Have you ever heard about the ghost six miles from Tuscaloosa?
A Folklore Tale
Many times the question has been asked as to why such a name as “Shakerag” should have been given to a place of worship, – such a place is an abandoned century-old Methodist Church six miles from Tuscaloosa. The place has about it an air of spookiness created by legend and folklore tales.
Wooden church building in rural Tuscaloosa County, Alabama – 1920 – 1930 The back of the photograph appears to say “Shakerag Church”. Clements Studio, Tuscaloosa, Alabama Q8877 (Alabama Department of Archives and History)
A Door Flew Open
A tale was told of a man named Phi Cribbs, a most emphatic unbeliever in ghosts, who in his tall silk hat and knee breeches entered the place of worship one night seeking protection from a heavy thunder and rainstorm. The night was dark but he fastened his horse to a hitching post in the cemetery, adjoining the church. Guided by lightning flashes, he opened a front door and to prove his fearlessness walked to the pulpit and stood facing the empty pews.
Suddenly the darkness was relieved by a brilliant flash during which he saw an apparition in white. A door blew open and the next flash showed what seemed to be white wings flashing before him and coming in his direction. The third flash proved to Mr. Cribbs beyond all question of doubt that this was the ghost about which the country folk had spoken.
Interior of a church building in rural Tuscaloosa County, Alabama.- Back appears to say Shakerag Church ca. 1920 – 1930, photographer Clements Studio Q8876 (Alabama Department of Archives and History)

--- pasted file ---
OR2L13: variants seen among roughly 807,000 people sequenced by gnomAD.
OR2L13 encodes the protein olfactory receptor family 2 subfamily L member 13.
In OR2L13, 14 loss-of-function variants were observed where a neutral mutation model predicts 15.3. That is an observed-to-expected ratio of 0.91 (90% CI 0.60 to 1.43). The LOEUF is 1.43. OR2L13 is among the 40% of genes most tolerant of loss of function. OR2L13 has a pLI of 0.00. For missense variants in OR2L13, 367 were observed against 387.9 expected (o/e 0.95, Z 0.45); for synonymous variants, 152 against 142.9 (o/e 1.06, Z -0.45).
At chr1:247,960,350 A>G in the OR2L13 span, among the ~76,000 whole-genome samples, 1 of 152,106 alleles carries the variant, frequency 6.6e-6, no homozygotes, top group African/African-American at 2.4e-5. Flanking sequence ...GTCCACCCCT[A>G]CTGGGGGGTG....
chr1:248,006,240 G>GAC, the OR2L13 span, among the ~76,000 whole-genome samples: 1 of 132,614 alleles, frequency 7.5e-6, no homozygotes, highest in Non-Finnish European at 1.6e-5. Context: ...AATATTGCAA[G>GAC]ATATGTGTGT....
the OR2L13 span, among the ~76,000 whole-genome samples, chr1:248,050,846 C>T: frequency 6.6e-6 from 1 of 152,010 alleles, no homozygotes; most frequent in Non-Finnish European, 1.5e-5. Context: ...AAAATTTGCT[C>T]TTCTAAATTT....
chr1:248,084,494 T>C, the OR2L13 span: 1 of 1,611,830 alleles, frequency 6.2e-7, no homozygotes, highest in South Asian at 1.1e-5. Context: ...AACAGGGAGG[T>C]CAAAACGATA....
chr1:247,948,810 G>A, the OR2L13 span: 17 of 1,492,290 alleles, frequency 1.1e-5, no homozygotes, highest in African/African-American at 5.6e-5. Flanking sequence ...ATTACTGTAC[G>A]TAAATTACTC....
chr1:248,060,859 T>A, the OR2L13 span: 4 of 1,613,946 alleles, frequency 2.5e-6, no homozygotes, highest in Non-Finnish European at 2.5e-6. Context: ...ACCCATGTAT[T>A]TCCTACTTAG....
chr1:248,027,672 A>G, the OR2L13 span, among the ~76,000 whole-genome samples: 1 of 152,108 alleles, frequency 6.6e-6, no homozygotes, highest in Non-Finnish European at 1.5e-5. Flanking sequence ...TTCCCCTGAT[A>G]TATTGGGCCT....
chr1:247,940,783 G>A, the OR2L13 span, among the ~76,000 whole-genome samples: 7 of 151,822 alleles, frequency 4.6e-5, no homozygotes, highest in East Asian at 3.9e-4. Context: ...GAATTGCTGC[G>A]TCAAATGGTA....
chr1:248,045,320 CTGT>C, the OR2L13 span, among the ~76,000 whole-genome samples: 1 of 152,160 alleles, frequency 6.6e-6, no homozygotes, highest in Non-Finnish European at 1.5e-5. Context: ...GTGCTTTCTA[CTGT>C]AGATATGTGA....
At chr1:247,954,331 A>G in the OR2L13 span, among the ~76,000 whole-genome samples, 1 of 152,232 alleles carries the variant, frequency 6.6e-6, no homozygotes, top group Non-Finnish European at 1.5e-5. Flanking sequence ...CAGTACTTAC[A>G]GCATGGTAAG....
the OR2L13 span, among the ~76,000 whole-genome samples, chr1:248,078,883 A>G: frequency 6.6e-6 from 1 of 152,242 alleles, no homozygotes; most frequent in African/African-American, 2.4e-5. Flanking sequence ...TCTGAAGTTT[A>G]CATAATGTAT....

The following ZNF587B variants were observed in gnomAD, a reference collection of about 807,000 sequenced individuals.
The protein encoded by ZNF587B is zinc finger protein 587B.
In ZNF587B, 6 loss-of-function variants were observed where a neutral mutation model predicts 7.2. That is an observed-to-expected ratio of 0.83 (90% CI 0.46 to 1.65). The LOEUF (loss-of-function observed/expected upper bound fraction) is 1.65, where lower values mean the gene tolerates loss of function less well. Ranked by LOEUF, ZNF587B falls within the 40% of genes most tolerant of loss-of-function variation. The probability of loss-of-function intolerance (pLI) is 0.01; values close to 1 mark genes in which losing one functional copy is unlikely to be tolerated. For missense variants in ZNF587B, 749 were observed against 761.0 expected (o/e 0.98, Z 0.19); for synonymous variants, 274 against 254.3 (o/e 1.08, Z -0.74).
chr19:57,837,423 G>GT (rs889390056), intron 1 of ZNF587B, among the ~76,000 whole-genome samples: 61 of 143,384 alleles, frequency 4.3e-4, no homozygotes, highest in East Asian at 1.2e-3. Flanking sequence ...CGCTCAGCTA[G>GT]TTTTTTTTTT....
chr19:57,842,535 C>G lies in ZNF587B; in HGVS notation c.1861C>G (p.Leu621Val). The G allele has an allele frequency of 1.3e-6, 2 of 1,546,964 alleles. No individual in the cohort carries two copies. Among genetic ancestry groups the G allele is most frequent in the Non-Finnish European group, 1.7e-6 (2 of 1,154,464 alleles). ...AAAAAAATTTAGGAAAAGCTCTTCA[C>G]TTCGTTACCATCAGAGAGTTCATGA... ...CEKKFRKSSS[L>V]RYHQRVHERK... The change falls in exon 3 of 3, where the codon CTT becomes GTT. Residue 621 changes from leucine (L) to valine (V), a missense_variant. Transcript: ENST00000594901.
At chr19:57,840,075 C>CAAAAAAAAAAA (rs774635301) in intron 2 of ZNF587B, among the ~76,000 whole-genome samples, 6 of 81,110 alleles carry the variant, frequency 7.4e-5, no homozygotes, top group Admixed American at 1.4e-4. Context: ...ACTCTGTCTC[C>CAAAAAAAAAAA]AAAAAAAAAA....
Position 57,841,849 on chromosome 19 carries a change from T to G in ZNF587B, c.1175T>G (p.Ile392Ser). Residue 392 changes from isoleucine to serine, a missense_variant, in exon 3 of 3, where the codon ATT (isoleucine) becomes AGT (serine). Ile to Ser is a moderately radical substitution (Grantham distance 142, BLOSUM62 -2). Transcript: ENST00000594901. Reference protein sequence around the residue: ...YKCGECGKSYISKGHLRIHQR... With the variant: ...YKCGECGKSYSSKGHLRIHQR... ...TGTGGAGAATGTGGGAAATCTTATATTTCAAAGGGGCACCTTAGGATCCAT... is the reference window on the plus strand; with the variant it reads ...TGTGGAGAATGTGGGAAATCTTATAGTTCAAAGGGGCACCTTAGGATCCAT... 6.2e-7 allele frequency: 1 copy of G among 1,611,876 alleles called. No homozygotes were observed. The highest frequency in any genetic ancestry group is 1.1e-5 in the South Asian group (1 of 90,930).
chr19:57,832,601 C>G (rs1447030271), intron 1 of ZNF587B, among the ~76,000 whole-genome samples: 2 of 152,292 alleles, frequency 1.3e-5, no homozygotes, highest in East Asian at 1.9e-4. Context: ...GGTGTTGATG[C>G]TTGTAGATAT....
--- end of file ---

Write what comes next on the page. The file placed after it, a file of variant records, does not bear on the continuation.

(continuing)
Reaching for him
It was reaching long arms toward him. Mr. Cribbs moved. Down the aisle he ran at full speed with the thing close behind; down the steps and losing no time broke the trace holding his horse and leaped to the saddle feeling momentarily safe until the horrible thing, also leaped and seated itself behind him clinging to his velvet waistcoat.
The faithful horse needed no urging and in as much terror as his master, broke into a wild run leaping over stumps and fallen trees in mad haste to reach safety. In the haste, the “ghost” was swept away, and Phi Cribbs went home convinced that the stories told by the folks there were true.
African-American man sitting in front of a wooden church – ca. 1920 -1930 – on the back appears to say Shakerag Church, Tuscaloosa, Alabama. Q8878 Photographer Clements (Alabama Department of Archives and History)
Shakerag is defined as an unkempt disreputable person. Mt. Pleasant Cemetery in Tuscaloosa is also known as Shakerag Cemetery. (findagrave.com/cemetery/26180).
The following information is from the excellent blog written by for the Tuscaloosa News librarian, Betty Slowe on April 22, 2012. It provides additional information about the cemetery.
“Shake Rag Cemetery, also known as Mt. Pleasant Methodist Church Cemetery, is on Jug Factory Road in Tuscaloosa. It is, according to late historian Marvin Harper, the oldest Tuscaloosa County cemetery. It formed near a small church built around 1819, around the time that Alabama became a state and Tuscaloosa became a city. The settlement around the church was one of the oldest settlements in an area that provided fertile ground on which to grow cotton and other crops. Confederate soldiers and even Revolutionary War soldiers are buried in the cemetery.
The little church long ago collapsed, but its pulpit was said to have been saved and stored.
Nellie Bosclair, chairperson of the membership committee of the Shake Rag Association in 1987, said that the name “Shake Rag” stemmed from the earliest days of the small church when the congregation is said to have responded to the preaching by dancing and shouting. “Once,” she said, “they responded so enthusiastically that by the end of the singing, the church members were in rags and tatters.”
Prior to 1976, the cemetery was used for dumping trash. Since then, the cemetery association formed to maintain and preserve the historic cemetery.”
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